Thursday, November 17, 2022

Leading Worship from the Back Row

My son was right; he told us the sound was awesome at his new church. He began serving recently, leading their broadcast team. We were glad to finally join them live on a Sunday morning and experienced a great service. People were engaged and welcoming, the energy was high (especially as people were baptized as we sang, a staple of every worship service), and the tech elements were on point. And, as promised, everything sounded great.

On my way out of the second service, as people streamed in for the third, I caught the attention of the sound engineer, introduced myself, and did my best to quickly express how much I appreciated his work. I know enough jargon to perhaps establish that my compliments were qualified from a technical perspective, so I started along those lines… but then it occurred to me what I was really getting at. I then simply told him, “You led us in worship from the soundboard.”

Which is the most important musical instrument when leading worship? In my tradition it hasn’t been an organ for decades. Perhaps these days it is whatever the lead singer is playing, keys or a guitar. We could make the case that a rhythm instrument is most important, drums or bass. The MD (music director) role is emerging in our churches; perhaps the MD plays the most important musical instrument.

Could it be that the soundboard is the most important musical instrument?

If the soundboard is at least among the most important musical instruments, do we act like it? Do we invest in the gear? More importantly, do we invest in the people? What are our expectations of these worship leaders on the back row? Are we resourcing them as best we can? Do they get the respect they deserve? Are they included in leadership and decision making?

It seems to me that the back row is increasingly important as we pursue our mission, worshipping God, building His people, and reaching others. If we are going to be relevant in these times, in our culture, we need excellence on the back row. Those we hope to reach are conditioned to expect excellence in production. It is not that we need to compete with the hottest concert in town, or the corporate event that folks experienced recently… but if we skimp on, or are lazy about, production, we indicate that our message is not worth our effort or their attention.

The back row, of course, in most churches these days, contains a variety of roles starting with sound, lights, and media. Video is increasingly important, both for broadcast and IMAG. Broadcast audio is often overlooked as we too easily underestimate this vital component. Add camera operators, monitor engineers, translation services, simulcasting to other campuses, and such; producing excellence from the back row is usually a daunting task, regardless of the size of our church.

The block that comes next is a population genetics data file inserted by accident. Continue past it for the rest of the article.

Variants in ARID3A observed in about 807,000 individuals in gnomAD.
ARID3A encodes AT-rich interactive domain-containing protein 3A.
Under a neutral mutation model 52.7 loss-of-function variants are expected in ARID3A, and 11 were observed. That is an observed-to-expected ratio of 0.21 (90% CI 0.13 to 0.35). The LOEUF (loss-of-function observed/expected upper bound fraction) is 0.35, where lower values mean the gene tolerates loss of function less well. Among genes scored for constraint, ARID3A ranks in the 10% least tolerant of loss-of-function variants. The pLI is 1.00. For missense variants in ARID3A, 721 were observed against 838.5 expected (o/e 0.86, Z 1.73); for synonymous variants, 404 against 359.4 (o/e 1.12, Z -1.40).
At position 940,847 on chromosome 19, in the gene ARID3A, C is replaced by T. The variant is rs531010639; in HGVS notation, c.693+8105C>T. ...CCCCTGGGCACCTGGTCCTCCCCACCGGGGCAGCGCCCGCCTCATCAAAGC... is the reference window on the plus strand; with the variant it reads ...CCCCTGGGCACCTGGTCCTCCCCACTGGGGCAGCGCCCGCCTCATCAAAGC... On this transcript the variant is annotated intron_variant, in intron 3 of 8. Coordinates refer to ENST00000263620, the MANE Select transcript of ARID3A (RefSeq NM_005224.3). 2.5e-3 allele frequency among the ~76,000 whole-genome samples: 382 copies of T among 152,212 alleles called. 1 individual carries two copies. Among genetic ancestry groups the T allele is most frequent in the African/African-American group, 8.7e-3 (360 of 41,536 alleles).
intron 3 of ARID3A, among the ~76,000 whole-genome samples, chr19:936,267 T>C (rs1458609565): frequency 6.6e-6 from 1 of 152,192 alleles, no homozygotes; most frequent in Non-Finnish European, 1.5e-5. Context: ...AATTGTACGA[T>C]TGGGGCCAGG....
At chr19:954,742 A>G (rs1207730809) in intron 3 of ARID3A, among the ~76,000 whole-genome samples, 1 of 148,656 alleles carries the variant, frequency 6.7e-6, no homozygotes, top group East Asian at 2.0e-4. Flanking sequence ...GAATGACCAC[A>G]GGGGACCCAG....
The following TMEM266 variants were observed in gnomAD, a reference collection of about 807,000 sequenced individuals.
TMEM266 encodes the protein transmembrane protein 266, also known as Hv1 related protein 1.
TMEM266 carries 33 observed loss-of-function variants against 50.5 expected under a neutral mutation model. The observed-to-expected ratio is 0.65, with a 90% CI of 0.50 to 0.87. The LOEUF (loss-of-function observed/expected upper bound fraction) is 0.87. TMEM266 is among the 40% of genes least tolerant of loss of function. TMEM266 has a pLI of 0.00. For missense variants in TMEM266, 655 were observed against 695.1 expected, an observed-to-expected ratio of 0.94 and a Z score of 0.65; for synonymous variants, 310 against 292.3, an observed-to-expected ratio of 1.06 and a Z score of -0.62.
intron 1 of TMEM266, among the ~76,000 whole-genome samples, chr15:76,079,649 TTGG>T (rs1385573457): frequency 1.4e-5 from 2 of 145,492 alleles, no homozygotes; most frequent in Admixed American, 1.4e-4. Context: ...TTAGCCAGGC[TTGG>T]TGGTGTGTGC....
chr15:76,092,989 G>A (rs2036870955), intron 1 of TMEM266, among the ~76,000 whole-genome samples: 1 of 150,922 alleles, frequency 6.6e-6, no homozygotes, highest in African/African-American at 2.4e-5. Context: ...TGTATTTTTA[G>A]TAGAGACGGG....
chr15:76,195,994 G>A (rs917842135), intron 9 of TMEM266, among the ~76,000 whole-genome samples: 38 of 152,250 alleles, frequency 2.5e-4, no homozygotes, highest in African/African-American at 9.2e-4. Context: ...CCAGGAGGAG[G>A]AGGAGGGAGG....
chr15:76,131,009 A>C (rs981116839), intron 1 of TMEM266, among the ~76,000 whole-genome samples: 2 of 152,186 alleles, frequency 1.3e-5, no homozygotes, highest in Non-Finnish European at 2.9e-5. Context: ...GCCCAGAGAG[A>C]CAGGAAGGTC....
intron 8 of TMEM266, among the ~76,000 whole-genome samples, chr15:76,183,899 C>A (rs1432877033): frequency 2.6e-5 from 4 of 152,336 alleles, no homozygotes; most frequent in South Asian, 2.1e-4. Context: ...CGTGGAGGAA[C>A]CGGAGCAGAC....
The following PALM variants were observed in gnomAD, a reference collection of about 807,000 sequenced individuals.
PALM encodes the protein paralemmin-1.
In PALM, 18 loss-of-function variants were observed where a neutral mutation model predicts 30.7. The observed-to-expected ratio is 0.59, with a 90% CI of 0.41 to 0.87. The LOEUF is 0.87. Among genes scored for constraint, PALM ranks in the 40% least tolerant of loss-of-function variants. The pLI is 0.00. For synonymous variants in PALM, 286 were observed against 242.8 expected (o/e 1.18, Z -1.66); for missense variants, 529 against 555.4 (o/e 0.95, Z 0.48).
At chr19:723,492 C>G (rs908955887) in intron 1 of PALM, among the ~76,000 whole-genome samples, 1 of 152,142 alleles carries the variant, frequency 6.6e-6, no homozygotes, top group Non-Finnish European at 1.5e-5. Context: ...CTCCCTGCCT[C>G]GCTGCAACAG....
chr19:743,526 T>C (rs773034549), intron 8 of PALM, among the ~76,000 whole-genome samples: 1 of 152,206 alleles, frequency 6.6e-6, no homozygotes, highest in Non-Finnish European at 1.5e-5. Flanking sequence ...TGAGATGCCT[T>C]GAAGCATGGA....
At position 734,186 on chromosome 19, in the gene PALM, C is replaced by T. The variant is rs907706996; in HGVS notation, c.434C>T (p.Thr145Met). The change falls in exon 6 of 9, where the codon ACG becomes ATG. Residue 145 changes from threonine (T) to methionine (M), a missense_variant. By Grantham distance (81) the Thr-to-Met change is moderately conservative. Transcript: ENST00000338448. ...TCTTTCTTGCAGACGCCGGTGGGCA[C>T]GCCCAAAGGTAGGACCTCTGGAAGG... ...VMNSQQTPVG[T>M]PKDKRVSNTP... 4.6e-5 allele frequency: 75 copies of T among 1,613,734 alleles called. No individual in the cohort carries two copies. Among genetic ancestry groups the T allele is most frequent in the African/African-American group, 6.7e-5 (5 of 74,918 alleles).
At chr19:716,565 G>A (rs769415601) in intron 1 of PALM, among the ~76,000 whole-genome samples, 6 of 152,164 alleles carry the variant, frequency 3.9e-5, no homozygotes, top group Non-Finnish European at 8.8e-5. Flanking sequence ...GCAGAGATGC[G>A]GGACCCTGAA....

An increasing number of churches, understanding the vital roles on the back row, are paying particular attention to the leadership of the back row. Whatever the titles (producer, director, pastor, manager), those skilled in understanding the tech and, perhaps more importantly, leading technical people are in high demand. Many of the most forward-thinking churches, valuing integration of the worship experience, empower a high-level leader on the back row with broad responsibility. Such leaders not only manage the tech and technical personnel, but they are also in tight coordination with the leaders on the platform in both planning and execution… often a troika of the preaching, worship leading, and production leadership. The end sought is a powerful and relevant worship experience, tightly integrated and excellently delivered, that magnifies Jesus, equips His people, and draws many to Him.

No matter how big and complex the task, we must aim to value the personnel on the back row as worship leaders.

Church leaders will do best to think of back-row personnel as worship leaders. We need to do all we can to invest in their training and development, and prioritize putting the right tools in their hands. We must not treat the back row as less-than or some sort of necessary evil, but rather consider them as ministers with vital roles; we should value their unique perspective, seek their input, and respect their leadership.

Back-row personnel will do best to think of themselves as worship leaders. We should invest in our ongoing training and development, both technically and spiritually, always pursuing excellence. We must not get so bogged down in the techniques (the wires and knobs and buttons and gear) that we fail to lead worship, honoring God and serving others well.

Let’s be sure to lead worship from the back row.

Perhaps I can help you with coaching, evaluation, or planning. Greatifiers aims to help you make good things great. Reach out; I’d be glad to help.